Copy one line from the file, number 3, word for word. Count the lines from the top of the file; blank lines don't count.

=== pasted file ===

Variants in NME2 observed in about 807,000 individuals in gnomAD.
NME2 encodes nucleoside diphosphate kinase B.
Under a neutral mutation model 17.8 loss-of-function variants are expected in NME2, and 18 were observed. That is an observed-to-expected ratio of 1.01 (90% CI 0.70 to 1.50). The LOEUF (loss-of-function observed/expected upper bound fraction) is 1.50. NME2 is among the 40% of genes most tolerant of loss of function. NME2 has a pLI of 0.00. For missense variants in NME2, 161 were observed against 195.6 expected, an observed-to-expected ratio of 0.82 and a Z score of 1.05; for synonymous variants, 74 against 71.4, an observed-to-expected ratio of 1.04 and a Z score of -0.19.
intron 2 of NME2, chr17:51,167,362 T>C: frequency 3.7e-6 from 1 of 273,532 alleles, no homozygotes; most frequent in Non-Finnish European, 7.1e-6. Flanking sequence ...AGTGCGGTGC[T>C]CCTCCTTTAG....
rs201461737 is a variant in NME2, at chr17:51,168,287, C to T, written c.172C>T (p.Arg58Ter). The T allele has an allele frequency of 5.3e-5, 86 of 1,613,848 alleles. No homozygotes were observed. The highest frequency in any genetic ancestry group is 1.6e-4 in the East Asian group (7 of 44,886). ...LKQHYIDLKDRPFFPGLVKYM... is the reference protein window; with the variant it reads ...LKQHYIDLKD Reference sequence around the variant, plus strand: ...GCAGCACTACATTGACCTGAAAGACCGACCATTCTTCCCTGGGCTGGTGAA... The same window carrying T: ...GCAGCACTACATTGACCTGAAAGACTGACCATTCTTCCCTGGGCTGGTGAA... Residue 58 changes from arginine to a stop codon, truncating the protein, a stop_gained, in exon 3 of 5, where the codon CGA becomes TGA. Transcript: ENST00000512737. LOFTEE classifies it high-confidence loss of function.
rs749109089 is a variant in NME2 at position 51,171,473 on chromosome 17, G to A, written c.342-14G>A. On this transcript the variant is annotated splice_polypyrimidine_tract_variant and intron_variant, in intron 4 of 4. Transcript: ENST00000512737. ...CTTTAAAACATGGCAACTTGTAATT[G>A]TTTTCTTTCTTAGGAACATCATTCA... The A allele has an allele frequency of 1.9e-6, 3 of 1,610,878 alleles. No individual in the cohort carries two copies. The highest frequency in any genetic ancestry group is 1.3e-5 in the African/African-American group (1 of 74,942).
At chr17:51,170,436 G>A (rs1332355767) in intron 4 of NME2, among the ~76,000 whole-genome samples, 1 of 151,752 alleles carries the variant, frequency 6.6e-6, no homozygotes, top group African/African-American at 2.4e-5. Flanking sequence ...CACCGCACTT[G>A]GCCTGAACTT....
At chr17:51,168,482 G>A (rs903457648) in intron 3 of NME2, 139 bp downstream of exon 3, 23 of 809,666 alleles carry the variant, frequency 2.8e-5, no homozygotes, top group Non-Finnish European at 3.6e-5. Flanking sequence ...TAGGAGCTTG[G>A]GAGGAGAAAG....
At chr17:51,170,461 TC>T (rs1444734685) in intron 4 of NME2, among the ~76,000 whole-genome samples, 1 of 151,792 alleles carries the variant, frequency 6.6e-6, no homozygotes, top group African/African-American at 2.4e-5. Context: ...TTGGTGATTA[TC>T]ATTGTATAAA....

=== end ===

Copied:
Under a neutral mutation model 17.8 loss-of-function variants are expected in NME2, and 18 were observed. That is an observed-to-expected ratio of 1.01 (90% CI 0.70 to 1.50). The LOEUF (loss-of-function observed/expected upper bound fraction) is 1.50. NME2 is among the 40% of genes most tolerant of loss of function. NME2 has a pLI of 0.00. For missense variants in NME2, 161 were observed against 195.6 expected, an observed-to-expected ratio of 0.82 and a Z score of 1.05; for synonymous variants, 74 against 71.4, an observed-to-expected ratio of 1.04 and a Z score of -0.19.